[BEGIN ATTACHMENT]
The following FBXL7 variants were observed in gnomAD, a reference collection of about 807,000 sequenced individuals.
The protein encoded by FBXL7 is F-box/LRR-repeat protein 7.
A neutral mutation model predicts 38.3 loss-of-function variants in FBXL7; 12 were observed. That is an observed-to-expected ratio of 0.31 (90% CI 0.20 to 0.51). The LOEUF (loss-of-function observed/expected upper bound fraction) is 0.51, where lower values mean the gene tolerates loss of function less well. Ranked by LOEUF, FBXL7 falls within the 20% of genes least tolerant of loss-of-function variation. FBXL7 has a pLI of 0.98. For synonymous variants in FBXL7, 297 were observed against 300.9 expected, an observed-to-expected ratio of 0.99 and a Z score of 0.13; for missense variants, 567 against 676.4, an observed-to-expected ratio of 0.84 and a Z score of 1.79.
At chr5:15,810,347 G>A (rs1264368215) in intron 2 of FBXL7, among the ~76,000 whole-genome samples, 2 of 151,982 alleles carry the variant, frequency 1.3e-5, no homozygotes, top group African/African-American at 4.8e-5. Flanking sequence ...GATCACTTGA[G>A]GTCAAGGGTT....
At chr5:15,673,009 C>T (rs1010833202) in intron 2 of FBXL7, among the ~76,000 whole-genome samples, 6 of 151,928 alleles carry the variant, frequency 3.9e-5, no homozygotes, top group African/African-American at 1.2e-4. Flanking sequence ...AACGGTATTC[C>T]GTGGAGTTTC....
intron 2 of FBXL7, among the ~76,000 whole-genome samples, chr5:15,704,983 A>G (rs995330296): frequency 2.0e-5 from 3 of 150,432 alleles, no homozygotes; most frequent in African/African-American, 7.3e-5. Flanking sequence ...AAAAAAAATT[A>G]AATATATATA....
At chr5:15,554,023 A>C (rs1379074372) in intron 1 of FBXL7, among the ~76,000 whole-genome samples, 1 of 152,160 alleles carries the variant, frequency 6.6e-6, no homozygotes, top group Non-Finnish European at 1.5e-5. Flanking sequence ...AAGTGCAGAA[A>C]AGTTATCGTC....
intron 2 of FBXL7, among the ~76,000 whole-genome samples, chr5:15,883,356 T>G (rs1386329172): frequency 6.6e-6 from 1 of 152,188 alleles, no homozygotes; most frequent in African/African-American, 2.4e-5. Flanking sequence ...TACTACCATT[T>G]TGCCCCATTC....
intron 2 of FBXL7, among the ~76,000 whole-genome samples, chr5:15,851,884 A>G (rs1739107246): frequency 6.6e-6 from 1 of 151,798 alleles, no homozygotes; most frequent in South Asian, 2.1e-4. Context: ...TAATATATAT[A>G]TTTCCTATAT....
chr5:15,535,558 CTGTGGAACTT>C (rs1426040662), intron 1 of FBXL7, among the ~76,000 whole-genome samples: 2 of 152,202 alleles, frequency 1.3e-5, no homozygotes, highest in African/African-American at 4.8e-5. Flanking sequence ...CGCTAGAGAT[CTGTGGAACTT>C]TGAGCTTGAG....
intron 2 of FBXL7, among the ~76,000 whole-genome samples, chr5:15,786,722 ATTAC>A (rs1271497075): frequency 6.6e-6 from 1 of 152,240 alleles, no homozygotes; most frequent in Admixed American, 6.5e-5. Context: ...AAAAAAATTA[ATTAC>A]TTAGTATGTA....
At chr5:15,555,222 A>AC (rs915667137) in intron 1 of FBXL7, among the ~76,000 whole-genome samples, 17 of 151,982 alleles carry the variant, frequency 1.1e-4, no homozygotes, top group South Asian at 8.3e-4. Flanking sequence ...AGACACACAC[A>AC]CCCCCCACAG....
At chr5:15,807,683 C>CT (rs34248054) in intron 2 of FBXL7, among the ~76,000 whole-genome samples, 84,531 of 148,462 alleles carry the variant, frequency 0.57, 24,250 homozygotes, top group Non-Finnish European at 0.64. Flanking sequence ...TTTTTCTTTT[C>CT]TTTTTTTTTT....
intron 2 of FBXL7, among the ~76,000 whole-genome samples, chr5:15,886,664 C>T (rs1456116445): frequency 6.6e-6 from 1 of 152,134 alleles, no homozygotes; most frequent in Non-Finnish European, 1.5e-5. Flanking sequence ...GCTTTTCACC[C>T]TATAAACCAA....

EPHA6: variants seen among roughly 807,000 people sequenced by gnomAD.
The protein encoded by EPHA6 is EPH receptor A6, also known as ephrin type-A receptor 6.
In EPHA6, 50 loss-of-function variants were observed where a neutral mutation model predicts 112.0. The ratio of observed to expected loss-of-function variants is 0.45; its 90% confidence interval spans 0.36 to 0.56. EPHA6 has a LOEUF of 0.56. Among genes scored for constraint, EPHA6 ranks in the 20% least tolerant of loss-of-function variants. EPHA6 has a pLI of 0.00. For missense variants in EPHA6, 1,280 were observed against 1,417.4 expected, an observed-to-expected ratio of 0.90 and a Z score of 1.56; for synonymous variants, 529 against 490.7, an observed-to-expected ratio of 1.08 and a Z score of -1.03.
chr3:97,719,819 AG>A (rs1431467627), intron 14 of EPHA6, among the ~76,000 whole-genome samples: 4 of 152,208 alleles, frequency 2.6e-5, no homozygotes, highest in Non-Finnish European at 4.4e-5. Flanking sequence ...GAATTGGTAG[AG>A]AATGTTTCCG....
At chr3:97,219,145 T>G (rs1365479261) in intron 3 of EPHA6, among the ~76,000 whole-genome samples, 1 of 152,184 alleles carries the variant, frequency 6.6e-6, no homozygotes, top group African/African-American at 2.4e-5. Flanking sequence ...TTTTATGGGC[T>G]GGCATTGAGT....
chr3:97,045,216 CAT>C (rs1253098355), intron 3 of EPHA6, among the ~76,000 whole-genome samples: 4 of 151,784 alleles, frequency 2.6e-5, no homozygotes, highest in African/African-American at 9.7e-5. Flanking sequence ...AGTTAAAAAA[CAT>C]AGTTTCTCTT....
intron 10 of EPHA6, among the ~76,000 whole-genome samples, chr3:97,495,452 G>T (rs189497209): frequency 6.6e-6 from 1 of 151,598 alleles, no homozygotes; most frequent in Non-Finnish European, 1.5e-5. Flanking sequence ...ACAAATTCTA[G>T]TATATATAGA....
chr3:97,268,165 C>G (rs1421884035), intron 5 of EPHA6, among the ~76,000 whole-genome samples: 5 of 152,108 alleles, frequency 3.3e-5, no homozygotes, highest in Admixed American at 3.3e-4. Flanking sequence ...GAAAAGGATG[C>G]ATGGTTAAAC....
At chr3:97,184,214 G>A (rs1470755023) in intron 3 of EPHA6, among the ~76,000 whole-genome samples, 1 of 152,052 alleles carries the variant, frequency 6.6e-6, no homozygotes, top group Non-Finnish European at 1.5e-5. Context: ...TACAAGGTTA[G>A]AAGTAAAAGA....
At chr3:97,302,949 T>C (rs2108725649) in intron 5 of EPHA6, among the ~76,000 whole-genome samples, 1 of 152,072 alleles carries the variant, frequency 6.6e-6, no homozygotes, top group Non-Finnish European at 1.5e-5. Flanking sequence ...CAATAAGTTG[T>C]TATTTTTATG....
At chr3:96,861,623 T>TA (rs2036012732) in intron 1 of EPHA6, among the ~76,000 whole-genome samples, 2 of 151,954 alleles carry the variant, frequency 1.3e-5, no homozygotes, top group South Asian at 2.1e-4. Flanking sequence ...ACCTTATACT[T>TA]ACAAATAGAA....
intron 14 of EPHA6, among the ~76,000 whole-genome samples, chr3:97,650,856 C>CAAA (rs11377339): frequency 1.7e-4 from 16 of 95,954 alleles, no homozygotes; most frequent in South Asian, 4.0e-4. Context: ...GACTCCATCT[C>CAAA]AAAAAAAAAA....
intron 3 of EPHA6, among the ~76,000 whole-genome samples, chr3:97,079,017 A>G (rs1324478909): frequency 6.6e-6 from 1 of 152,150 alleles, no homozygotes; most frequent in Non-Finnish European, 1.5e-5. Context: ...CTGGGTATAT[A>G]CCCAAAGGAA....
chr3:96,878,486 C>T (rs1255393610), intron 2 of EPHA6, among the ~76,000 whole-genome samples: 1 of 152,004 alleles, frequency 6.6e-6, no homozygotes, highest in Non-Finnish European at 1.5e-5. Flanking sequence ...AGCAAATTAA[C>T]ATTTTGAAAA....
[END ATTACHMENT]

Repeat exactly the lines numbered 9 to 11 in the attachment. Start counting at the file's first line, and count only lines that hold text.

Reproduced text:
intron 2 of FBXL7, among the ~76,000 whole-genome samples, chr5:15,851,884 A>G (rs1739107246): frequency 6.6e-6 from 1 of 151,798 alleles, no homozygotes; most frequent in South Asian, 2.1e-4. Context: ...TAATATATAT[A>G]TTTCCTATAT....
chr5:15,535,558 CTGTGGAACTT>C (rs1426040662), intron 1 of FBXL7, among the ~76,000 whole-genome samples: 2 of 152,202 alleles, frequency 1.3e-5, no homozygotes, highest in African/African-American at 4.8e-5. Flanking sequence ...CGCTAGAGAT[CTGTGGAACTT>C]TGAGCTTGAG....
intron 2 of FBXL7, among the ~76,000 whole-genome samples, chr5:15,786,722 ATTAC>A (rs1271497075): frequency 6.6e-6 from 1 of 152,240 alleles, no homozygotes; most frequent in Admixed American, 6.5e-5. Context: ...AAAAAAATTA[ATTAC>A]TTAGTATGTA....